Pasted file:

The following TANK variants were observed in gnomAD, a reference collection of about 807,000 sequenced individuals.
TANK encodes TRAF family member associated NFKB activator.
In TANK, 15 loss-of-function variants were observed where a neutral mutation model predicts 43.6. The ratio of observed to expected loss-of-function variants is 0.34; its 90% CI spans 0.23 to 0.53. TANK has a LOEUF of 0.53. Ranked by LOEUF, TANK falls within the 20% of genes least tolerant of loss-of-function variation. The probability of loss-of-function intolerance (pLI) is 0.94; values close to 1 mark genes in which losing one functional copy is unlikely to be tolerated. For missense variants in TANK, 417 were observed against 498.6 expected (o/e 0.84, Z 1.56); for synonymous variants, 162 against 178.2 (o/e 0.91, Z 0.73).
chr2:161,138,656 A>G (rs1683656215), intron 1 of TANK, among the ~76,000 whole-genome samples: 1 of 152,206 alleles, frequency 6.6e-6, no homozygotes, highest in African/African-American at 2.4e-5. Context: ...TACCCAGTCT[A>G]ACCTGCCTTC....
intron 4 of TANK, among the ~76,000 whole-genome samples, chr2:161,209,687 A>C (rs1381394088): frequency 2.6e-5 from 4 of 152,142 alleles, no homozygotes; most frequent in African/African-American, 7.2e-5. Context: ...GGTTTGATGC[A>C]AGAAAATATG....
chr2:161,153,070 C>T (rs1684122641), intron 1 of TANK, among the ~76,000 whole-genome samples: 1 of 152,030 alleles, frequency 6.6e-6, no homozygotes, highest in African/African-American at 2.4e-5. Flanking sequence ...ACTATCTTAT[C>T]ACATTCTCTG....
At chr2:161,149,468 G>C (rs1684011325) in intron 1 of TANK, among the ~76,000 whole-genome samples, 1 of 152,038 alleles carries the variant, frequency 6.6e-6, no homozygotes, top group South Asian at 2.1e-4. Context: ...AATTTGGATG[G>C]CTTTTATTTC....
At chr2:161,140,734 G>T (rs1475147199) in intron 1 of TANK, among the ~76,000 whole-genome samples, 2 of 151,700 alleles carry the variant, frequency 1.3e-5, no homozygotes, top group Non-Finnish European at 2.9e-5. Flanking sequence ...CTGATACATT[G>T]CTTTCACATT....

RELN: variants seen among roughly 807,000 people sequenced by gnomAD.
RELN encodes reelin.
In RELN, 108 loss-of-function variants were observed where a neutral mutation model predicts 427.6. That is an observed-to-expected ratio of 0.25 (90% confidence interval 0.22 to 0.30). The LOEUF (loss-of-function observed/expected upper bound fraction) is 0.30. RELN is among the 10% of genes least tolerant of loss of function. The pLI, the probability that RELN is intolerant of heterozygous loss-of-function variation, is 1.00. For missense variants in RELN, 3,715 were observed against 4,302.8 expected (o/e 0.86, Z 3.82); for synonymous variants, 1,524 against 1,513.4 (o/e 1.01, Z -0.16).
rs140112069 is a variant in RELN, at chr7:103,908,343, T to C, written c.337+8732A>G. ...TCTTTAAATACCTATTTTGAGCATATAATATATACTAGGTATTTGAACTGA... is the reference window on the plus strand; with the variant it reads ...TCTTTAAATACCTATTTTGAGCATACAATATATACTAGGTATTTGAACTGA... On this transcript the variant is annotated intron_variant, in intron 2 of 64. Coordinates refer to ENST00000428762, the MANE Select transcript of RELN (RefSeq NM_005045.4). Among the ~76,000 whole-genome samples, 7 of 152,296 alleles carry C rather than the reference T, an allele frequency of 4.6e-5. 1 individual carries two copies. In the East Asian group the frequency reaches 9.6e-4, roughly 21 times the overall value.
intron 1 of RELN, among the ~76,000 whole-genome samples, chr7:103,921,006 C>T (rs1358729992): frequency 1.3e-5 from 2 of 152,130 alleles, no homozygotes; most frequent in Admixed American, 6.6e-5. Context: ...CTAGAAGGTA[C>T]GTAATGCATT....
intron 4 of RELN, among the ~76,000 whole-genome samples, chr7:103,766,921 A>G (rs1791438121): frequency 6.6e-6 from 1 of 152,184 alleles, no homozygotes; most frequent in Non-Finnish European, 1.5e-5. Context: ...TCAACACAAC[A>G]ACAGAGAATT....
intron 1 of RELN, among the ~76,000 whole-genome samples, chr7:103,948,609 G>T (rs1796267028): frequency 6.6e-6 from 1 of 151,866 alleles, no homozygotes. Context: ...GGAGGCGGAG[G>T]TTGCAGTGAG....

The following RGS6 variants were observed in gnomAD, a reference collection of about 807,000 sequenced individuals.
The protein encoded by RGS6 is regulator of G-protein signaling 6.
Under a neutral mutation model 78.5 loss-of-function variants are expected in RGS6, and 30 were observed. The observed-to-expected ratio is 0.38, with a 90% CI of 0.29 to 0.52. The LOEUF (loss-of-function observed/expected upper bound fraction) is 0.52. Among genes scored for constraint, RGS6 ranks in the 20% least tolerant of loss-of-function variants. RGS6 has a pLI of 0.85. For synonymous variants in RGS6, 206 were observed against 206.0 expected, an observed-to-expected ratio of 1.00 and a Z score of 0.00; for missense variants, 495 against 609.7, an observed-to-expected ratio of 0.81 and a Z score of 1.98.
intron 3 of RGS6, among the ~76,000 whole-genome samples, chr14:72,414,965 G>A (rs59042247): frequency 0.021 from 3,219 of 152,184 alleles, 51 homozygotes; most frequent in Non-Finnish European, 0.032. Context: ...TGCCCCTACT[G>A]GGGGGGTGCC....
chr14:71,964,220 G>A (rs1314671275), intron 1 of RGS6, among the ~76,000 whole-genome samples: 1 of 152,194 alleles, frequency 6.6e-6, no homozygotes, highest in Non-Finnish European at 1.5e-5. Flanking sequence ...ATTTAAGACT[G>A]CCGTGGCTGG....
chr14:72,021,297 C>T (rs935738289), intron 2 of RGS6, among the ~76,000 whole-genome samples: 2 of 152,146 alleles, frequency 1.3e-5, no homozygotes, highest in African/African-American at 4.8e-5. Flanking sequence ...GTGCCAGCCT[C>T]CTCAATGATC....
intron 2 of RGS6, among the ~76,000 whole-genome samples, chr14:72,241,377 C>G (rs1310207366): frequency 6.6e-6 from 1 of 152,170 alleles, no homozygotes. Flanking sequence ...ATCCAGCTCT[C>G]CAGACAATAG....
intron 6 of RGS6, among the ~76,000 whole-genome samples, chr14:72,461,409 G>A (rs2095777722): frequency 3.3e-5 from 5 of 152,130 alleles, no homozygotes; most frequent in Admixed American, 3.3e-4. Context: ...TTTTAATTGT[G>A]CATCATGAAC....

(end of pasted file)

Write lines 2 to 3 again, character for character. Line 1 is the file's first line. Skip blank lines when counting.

TANK encodes TRAF family member associated NFKB activator.
In TANK, 15 loss-of-function variants were observed where a neutral mutation model predicts 43.6. The ratio of observed to expected loss-of-function variants is 0.34; its 90% CI spans 0.23 to 0.53. TANK has a LOEUF of 0.53. Ranked by LOEUF, TANK falls within the 20% of genes least tolerant of loss-of-function variation. The probability of loss-of-function intolerance (pLI) is 0.94; values close to 1 mark genes in which losing one functional copy is unlikely to be tolerated. For missense variants in TANK, 417 were observed against 498.6 expected (o/e 0.84, Z 1.56); for synonymous variants, 162 against 178.2 (o/e 0.91, Z 0.73).